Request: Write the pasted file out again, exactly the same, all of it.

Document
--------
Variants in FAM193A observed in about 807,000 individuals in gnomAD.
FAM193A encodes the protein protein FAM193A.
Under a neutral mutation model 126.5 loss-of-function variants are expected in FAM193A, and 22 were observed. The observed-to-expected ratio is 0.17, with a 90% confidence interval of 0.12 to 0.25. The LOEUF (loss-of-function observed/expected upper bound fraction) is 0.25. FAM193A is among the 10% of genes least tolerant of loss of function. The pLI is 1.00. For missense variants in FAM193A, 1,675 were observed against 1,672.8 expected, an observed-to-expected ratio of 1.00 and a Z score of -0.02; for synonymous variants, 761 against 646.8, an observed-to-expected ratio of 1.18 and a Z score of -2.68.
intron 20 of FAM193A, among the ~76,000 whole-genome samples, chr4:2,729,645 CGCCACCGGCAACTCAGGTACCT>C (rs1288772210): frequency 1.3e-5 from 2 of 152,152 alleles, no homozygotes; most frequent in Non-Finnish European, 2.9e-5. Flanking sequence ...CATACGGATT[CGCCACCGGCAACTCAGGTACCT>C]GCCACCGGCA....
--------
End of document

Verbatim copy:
Variants in FAM193A observed in about 807,000 individuals in gnomAD.
FAM193A encodes the protein protein FAM193A.
Under a neutral mutation model 126.5 loss-of-function variants are expected in FAM193A, and 22 were observed. The observed-to-expected ratio is 0.17, with a 90% confidence interval of 0.12 to 0.25. The LOEUF (loss-of-function observed/expected upper bound fraction) is 0.25. FAM193A is among the 10% of genes least tolerant of loss of function. The pLI is 1.00. For missense variants in FAM193A, 1,675 were observed against 1,672.8 expected, an observed-to-expected ratio of 1.00 and a Z score of -0.02; for synonymous variants, 761 against 646.8, an observed-to-expected ratio of 1.18 and a Z score of -2.68.
intron 20 of FAM193A, among the ~76,000 whole-genome samples, chr4:2,729,645 CGCCACCGGCAACTCAGGTACCT>C (rs1288772210): frequency 1.3e-5 from 2 of 152,152 alleles, no homozygotes; most frequent in Non-Finnish European, 2.9e-5. Flanking sequence ...CATACGGATT[CGCCACCGGCAACTCAGGTACCT>C]GCCACCGGCA....